In the end, it’s not likely to go anywhere, but he usually gets the most out of what he has. The Wild can’t ask for much more, as they try to figure out how to transition their next phase.

For the Hawks, there aren’t that many lineup changes they can make. Robin Lehner will start. Alex Nylander should be thrown into a trash pile somewhere along Damen Avenue, but it seems orders from on high will dictate that he be jammed into the lineup in the faint hope that he magically turns into something. Dylan Sikura should be back in the lineup, but he’s run afoul of both coach and front office in just two games it seems.

If Colliton were really going to go down swinging, he’d promote Boqvist with Murphy and put Dach in between Saad and Kubalik. Why? Because you’re already suffering lapses defensively and missed checks and turnovers, so how much worse can the kids be than what the vets have given him? What are we hanging onto here? If it’s time to move on from what came before, and it is, why wait around? Want to make sure you’re in dead last first?

Really curious to see how the whole organization responds to this weekend. Something tells me they won’t be able to stick their head in the sand much longer.

Hockey

Earlier in the season, when the Wild couldn’t get a save and were even rooted behind the Hawks in the standings, there was a feeling that Bruce Boudreau wasn’t long for this job. And the joke going in hockey circles was, “Zach Parise kills another coach.” It’s funny because you don’t think of Parise that way. He’s never been considered a loaf, doesn’t bark in the press, and is generally thought to be a heart-on-sleeve player.

And yet Boudreau is the 10th coach Parise has played for in his 15 seasons. Which is a pretty stunning total. Some of that is attributed to Lou Lamoriello’s itchy trigger-finger in New Jersey, where he had a habit of installing himself behind the bench. Some of that is Minnesota’s general incompetence, though Boudreau has stuck longer than anyone else. It hasn’t amounted to much, no playoff series wins under Boudreau and only two first-round triumphs under Mike Yeo for Parise’s Minnesota stay. And maybe that’s the problem.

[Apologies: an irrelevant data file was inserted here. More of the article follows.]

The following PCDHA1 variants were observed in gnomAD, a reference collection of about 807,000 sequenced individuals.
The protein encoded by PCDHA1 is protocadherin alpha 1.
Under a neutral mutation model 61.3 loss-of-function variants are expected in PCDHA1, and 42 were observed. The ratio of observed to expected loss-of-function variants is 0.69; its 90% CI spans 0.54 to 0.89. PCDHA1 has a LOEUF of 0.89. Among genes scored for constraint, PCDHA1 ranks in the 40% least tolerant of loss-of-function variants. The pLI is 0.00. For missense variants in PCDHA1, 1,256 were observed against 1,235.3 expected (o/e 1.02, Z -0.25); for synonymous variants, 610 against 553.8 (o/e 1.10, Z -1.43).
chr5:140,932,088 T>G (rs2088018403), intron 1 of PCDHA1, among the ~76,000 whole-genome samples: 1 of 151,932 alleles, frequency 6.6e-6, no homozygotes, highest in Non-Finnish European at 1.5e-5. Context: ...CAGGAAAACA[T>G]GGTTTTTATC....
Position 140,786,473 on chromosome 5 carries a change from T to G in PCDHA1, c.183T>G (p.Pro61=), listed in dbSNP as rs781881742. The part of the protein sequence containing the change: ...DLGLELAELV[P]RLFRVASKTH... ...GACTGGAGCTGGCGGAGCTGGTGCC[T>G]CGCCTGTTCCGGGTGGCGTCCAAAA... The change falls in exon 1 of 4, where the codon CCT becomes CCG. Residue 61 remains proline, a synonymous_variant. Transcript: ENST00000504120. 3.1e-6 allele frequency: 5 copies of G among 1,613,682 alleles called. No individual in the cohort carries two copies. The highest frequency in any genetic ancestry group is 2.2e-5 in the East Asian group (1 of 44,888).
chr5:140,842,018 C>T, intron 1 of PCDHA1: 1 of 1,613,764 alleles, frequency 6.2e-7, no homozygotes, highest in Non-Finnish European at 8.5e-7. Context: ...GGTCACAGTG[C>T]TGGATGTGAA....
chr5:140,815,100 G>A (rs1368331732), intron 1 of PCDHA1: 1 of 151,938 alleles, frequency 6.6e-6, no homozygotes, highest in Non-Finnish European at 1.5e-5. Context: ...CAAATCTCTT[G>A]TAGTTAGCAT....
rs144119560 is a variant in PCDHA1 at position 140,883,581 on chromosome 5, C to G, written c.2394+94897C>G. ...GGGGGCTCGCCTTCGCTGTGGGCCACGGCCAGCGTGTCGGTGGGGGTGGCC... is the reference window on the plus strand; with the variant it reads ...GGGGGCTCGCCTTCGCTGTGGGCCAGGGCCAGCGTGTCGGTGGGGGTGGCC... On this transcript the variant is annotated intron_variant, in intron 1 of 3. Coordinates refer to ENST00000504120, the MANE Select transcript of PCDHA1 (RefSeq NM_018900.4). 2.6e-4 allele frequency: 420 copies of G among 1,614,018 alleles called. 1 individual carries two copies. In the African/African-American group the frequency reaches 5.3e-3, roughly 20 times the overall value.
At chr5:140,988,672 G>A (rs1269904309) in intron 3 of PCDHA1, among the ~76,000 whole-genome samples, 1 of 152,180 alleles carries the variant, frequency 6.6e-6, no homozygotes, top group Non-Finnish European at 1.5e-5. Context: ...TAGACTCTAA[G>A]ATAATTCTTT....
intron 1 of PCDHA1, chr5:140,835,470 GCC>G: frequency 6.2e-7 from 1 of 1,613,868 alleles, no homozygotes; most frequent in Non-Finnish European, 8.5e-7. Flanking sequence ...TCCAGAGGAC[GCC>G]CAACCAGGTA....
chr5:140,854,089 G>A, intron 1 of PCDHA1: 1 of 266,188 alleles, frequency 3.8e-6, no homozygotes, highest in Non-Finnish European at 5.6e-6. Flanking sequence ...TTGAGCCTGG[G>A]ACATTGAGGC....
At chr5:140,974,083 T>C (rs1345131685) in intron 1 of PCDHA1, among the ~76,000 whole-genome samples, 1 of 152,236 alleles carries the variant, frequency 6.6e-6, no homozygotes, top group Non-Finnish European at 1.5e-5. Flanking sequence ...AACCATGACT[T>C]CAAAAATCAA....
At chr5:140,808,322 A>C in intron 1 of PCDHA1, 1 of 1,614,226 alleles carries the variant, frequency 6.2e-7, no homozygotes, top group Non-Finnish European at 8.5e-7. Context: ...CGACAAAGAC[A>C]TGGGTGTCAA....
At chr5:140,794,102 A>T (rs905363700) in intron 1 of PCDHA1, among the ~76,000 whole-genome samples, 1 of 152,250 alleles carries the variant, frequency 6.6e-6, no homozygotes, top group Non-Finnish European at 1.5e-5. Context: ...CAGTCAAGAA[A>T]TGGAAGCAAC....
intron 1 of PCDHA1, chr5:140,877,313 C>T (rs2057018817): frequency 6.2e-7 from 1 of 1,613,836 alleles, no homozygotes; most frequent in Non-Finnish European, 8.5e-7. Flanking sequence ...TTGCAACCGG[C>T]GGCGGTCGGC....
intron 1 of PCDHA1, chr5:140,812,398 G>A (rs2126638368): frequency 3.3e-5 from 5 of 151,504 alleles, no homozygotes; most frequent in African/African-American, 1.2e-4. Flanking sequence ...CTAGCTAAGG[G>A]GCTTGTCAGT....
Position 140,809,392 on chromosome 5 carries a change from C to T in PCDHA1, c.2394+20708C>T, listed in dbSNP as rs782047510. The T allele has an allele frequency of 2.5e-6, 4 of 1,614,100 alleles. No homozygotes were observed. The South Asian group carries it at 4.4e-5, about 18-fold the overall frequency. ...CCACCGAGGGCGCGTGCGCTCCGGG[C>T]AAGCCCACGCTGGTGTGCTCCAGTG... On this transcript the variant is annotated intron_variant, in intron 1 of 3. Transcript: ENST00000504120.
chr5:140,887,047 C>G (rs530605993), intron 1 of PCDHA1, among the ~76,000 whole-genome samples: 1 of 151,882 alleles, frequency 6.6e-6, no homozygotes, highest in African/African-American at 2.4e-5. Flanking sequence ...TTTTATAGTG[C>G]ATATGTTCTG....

When Parise and Ryan Suter signed, at the time, those mammoth deals in St. Paul, they were thought to be franchise-turning players. Suter has arguably been that, but Parise has always felt a shade below that. His one 4o-goal season was 10 years ago now, and a consistent 30-goal guy is what his ceiling has always been. That paycheck suggests, or suggested, that he is a top line player. On a truly good team, he’s probably a second-liner, and he’d be a great second-liner to have. But partially due to that paycheck, the Wild have never been able to find another winger to slot him down to that. They wanted it to be Mikael Granlund. He never could really manage it. Jason Zucker occasionally flashes that, but you know what he is at this point. And maybe it’s that lack of truly elite production that keeps Parise’s teams from achieving much, and gets coaches fired.

As it is with these things though, Parise’s salary has come back to the pack and now that $7.5M number seems just about right for a player who gets you 25-30 goals. Which is what Parise will do if he stays healthy, which is always the big question mark with him. That can’t be used as an excuse for the Wild anymore.

Parise is on pace for slightly more this year because of a SH% spike, as he’s up near 17%. But his attempts and chances are down from career norms, and if he can’t keep up the luck he might flatten out hardcore, which would deprive the Wild of even more scoring they don’t really have. And then finally the sword of Democles might fall upon Boudreau, and Parise will have another scalp.

Hilariously, Parise is signed for another five years, to his 40th birthday. Buying out Parise isn’t really an option, because were the Wild to do that his cap hit would stay on the books until 2030. And there would still be a cap hit of $6.7M or more for three seasons starting in 2022. There would be no relief. Until a new CBA, the Wild can’t even hope Parise retires when he becomes useless thanks to cap recapture penalties. Luckily, with his injury history, that will most likely provide an out for both parties should it come to that.